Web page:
SOS – DLAD Hearing

Dazzle Them With Meaningful Cross

Originally Posted on: Mar. 21 2006,22:39 by William Maze

I apologize that I haven’t updated this section in so long. I can’t believe it’s been so long since I posted a new case! Shannon and I have won several cases that I’ll try to give a brief description of during the next few weeks as time permits.

Today’s victory, however, was at the DLAD, where I employed a new style of cross-examination that I’ve been adopting to my cases. At a DLAD hearing for an implied consent violation, the driver is alleged to have refused the police officer’s request for a chemical test after a valid arrest. Typically, this means that a driver was arrested for OWI based upon probable cause and refused the breath test.

At a DLAD implied consent hearing, the driver “appeals” the automatic one year suspension for refusing the chemical test. According to the Secretary of State:

MCL 257.625f limits the issues appealable at a hearing ONLY to the following:

1. Whether the peace officer had reasonable grounds to believe that you committed a crime described in MCL 257.625c(1).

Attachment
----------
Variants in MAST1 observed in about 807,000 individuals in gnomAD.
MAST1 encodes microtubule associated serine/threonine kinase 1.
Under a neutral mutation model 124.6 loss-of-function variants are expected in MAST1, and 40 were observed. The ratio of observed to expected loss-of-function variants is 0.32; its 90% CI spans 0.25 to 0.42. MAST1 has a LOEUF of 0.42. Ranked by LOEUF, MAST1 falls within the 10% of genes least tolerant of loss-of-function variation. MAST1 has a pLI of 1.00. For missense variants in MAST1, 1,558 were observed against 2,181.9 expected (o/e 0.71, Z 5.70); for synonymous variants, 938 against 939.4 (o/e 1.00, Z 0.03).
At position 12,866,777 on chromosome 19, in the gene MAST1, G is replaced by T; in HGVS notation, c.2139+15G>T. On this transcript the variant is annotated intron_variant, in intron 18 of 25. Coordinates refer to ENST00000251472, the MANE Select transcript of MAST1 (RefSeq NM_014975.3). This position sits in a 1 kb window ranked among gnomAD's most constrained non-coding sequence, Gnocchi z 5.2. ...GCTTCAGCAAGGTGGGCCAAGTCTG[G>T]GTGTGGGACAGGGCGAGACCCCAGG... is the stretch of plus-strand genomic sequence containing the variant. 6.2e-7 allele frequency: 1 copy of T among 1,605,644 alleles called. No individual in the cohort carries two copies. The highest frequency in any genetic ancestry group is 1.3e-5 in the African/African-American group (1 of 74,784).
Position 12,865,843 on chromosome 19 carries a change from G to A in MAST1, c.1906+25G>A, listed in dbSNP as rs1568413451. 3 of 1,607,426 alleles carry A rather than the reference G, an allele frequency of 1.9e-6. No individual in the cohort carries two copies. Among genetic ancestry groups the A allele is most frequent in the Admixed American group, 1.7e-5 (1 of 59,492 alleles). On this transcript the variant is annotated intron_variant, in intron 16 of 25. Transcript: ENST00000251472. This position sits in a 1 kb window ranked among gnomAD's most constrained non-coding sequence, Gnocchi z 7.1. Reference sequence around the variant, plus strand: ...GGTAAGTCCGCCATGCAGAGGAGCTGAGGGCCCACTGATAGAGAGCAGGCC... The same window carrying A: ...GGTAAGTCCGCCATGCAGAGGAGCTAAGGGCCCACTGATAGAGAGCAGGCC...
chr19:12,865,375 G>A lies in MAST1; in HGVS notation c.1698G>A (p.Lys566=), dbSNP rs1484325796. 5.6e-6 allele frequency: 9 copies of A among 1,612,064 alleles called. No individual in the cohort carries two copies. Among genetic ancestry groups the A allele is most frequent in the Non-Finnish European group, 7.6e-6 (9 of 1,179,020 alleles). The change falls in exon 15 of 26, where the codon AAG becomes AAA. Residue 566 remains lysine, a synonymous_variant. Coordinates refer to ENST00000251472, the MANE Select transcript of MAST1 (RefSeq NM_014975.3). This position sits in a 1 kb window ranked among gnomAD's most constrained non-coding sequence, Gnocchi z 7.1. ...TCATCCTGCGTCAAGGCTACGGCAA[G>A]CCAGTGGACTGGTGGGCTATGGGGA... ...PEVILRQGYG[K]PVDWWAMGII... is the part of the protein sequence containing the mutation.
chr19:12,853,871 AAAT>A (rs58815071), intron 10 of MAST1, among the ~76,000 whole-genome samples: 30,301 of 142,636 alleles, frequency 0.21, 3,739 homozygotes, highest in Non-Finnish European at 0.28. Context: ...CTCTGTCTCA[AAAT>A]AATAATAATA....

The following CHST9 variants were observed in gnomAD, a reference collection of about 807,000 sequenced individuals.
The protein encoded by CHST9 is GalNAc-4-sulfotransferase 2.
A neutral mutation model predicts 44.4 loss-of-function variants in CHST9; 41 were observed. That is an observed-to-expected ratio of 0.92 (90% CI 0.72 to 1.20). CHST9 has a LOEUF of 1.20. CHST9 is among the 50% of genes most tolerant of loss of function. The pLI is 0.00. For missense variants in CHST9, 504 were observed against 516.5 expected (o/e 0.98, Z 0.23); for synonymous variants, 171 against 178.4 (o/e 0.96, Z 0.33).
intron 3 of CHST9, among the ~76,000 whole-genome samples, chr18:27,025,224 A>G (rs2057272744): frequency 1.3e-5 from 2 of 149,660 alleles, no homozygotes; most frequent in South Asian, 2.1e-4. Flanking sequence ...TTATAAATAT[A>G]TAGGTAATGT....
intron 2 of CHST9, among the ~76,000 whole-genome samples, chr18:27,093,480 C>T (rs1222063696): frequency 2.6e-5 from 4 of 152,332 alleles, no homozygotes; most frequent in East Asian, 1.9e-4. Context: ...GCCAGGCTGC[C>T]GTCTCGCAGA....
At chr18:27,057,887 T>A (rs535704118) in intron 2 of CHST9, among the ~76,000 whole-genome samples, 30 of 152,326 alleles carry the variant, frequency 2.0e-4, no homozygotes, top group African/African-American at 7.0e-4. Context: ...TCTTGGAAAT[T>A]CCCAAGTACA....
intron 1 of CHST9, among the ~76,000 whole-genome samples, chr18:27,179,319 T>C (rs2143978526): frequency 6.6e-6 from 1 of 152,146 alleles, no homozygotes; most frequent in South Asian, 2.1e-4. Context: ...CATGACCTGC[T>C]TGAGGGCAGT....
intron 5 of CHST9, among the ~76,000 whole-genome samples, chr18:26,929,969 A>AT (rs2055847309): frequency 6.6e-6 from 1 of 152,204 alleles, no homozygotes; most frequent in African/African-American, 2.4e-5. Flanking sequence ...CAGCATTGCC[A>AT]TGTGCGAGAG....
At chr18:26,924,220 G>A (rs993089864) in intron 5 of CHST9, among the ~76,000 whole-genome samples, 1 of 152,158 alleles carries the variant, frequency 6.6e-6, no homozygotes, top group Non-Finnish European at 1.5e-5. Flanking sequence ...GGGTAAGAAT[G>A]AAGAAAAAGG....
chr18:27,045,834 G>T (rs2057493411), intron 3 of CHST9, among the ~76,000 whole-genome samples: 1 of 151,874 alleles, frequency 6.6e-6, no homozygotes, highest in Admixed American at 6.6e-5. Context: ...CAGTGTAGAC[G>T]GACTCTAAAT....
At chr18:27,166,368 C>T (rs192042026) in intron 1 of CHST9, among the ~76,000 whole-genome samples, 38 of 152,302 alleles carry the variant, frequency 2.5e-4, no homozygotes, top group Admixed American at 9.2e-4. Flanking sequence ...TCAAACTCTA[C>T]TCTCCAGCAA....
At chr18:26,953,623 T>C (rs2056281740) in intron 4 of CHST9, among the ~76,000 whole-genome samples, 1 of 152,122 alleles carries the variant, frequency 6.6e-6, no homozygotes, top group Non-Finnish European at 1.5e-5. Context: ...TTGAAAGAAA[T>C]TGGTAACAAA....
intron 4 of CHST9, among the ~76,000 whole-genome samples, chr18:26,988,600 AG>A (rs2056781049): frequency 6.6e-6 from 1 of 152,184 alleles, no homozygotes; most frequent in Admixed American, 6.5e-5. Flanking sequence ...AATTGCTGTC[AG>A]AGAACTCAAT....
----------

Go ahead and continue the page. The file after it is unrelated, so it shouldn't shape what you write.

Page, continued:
2. Whether you were placed under arrest for a crime described in MCL 257.625c(1).

3. If you refused to submit to a chemical test upon the request of the officer, whether the refusal was reasonable.

4. Whether you were advised of your rights under MCL 257.625a.

An attorney that understands the provisions of MCL 257.625c(1) will challenge all the issues, as was done in today’s case. Using the newly developed style of cross-examination that I’ve been working on during the last couple of months, I asked a long series of short, looped questions designed to culminate in a point that favors the desired outcome. These questions were specifically formulated prior to the hearing. Culminating on the biggest most critical point, it was revealed that the officer had improperly advised the driver on the impact of a breath test refusal.

In closing argument, most of the base questions were waived in favor of the critical points. The focus on the critical points illuminated those points. The focus on the critical points made the issues obvious. And the focus on the critical points translated to a victory.

The critical points were illuminated, obvious and equaled a victory. And that too, is part of the new style of cross-examination that I’ve been developing to represent clients more effectively at hearings, at motions and at trial.